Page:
The brief notes that follow illuminate something of his life and work but were prompted by the discovery of this delightful photograph:

Alexander Gordon, 18th January 1931
Alexander Gordon, 18th January 1931

I am indebted to Alan Ruston for discovering it. He found it, printed up as a post card, inside a copy of Herbert McLachlan’s biography of Gordon published in 1932. The card itself is dated 18th January 1931 and it must represent the last photograph taken of this distinguished minister since he died just over a month later. It is a remarkably sharp and clear picture, presumably taken on something like a Box Brownie, with, we must suspect no prior warning and no attempt to pose the main subject.

Alexander Gordon is shown walking up to the meeting house at Dunmurry, county Antrim, indeed the section of wall (at the rear going towards the entrance to the vestry) is still clearly recognisable today, although greatly restored. The significance of the day the photograph was taken is underlined by a quotation from page 123 of Herbert McLachlan’s biography part of which is written on the back of the card:

On Sunday, 18 January 1931, Alexander Gordon drove in a jaunting-car from Belfast to Dunmurry to take service for an old friend laid aside by illness. It was to be his fare-well office of faith and affection. His last public appearance was on the 11th of February, when he took the chair at a Meeting of the Presbyterian Historical Society of Ireland. Ten days later, after a week’s illness and a day in bed, he passed into the world of light. In the grave-yard attached to the ancient Meeting-House at Dunmurry his body was interred on Monday, 23 February, when amongst those who took part in the service was the Very Rev Dr John McMillan of the Presbyterian Church of Ireland. Together with old pupils and friends who gathered to pay him a last tribute of respect and love was the old driver with the car which had carried him to and fro in the north of Ireland for fifty years save one, with whom, I doubt not, he had oft exchanged a merry jest.

Describing himself as “an Englishman by birth, a Scotsman by education and an Irishman by inclination”, Alexander Gordon was the leading historian of religious dissent in Britain and Ireland at the end of the nineteenth and start of the twentieth centuries. I contributed the short biography of him which can be read online at the Dictionary of Unitarian Universalist Biography – .http://uudb.org/articles/alexandergordon.html. Alan Ruston wrote the entry on him in the Oxford Dictionary of National Biography which can also be read online although this requires a subscription. Gordon himself is particualrly remembered as one of the most prolific contributors to the original nineteenth-century Dictionary of National Biography. Amongst many other publications he contributed 778 biographies to that landmark publication. His scholarly commitment and devotion to detail was unsurpassed. Alongside this he was both a minister and educator, combining his ministry at Rosemary Street in Belfast, between 1877 and 1889, with the role of divinity tutor to students for the Non-Subscribing ministry. In 1890 he became principal of the Unitarian Home Missionary College, Manchester and the first lecturer in Ecclesiastical History at the University of Manchester in what is always described as the first ‘free’ faculty of theology in the UK, in other words one that taught theology without any denominational affiliation or confessional standpoint. Throughout his time in Manchester he maintained his contact with Belfast, serving as a governor of the Royal Belfast Academical Institution for around fifty years and regularly travelling back to Dunmurry to attend communion there under the ministry of his friend the Rev. J.A. Kelly who regarded him as an ‘unpaid assistant’. He was closely involved with the consolidation of the Non-Subscribing Presbyterian denomination in 1910 and for the rest of his life was a regular traveller across the Irish Sea, continuing throughout the First World War and at one point losing some proofs of his Cheshire Classis Minutes with the sinking of the Leinster in 1918.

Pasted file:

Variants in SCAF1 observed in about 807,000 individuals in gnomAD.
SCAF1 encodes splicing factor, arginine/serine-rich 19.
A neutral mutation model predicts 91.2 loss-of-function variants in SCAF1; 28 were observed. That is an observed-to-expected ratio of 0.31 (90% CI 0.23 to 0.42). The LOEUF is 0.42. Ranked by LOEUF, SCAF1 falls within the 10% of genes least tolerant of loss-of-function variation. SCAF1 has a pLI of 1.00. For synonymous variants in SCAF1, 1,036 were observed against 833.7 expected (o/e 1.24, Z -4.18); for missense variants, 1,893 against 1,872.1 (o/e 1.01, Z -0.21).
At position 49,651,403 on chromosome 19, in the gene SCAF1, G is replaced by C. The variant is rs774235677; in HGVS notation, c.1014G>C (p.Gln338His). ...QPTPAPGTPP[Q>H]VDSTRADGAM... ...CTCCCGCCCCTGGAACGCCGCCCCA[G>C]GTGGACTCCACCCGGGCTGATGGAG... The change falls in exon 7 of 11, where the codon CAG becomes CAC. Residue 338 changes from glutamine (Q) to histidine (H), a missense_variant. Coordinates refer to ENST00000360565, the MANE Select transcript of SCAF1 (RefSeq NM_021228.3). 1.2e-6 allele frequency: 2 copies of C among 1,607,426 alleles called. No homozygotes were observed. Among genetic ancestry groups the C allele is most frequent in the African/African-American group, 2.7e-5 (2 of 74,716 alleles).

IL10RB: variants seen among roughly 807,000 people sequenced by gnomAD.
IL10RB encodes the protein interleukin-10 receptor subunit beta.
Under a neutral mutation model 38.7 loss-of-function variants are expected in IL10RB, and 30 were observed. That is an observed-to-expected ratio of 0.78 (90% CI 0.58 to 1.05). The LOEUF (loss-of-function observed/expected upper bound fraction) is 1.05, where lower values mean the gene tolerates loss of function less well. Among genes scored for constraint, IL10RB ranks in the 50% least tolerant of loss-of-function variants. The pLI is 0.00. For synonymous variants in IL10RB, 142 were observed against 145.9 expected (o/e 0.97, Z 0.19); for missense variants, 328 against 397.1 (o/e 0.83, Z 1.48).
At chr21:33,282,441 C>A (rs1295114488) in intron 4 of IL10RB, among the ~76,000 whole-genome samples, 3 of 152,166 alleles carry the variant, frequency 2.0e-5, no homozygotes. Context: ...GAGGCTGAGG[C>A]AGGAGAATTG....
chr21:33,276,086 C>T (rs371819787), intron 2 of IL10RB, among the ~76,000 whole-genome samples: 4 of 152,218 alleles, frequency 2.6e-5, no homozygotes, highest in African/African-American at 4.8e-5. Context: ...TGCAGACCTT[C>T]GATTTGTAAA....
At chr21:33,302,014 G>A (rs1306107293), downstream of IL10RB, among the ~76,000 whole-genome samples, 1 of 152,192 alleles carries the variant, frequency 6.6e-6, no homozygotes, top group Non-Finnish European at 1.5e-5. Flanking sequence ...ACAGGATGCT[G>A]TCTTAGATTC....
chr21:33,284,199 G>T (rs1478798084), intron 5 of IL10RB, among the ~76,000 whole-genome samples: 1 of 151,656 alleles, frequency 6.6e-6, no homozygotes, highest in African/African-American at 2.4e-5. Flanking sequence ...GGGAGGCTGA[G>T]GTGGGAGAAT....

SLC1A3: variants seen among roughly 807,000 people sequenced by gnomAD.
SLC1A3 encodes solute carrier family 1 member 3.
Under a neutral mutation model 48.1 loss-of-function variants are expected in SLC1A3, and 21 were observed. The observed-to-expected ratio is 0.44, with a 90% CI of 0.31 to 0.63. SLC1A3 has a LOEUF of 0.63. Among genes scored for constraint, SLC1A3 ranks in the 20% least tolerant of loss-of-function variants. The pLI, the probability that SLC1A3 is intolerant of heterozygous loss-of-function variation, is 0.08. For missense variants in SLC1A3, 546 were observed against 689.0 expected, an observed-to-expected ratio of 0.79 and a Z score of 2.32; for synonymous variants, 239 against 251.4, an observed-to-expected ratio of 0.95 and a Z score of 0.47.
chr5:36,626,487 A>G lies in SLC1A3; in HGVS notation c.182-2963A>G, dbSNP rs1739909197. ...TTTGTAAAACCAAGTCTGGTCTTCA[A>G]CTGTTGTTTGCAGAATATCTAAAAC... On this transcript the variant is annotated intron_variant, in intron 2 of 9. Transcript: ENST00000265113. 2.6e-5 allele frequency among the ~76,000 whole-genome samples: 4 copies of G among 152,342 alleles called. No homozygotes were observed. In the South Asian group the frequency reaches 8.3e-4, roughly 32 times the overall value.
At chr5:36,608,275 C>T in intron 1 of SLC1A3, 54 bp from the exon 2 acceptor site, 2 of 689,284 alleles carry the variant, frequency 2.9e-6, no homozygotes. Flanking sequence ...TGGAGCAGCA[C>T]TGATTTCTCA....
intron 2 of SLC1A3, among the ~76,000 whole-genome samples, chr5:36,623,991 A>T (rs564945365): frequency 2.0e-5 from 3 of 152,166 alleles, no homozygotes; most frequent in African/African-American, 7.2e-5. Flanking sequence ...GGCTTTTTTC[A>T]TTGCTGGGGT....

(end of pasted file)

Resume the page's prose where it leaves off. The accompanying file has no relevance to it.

This is an intriguing photograph of a venerable old clergyman, then in his 90th year, making his way to preach what was to be his last sermon. Who was there waiting with a camera? Who is the member of the congregation in bowler hat, carnation, white gloves and spats? Who had it printed and distributed? And which person – possibly a former student – had this copy which, judging by marks left by drawing pins, seems to have pinned it up in a place of honour?

We probably won’t ever know the answer to these particular questions but it is nice to have such a photograph, a link with our history.

And here is a picture of a more youthful (and hatless) Alexander Gordon, also carrying his distinctive signature:

Alx Gordon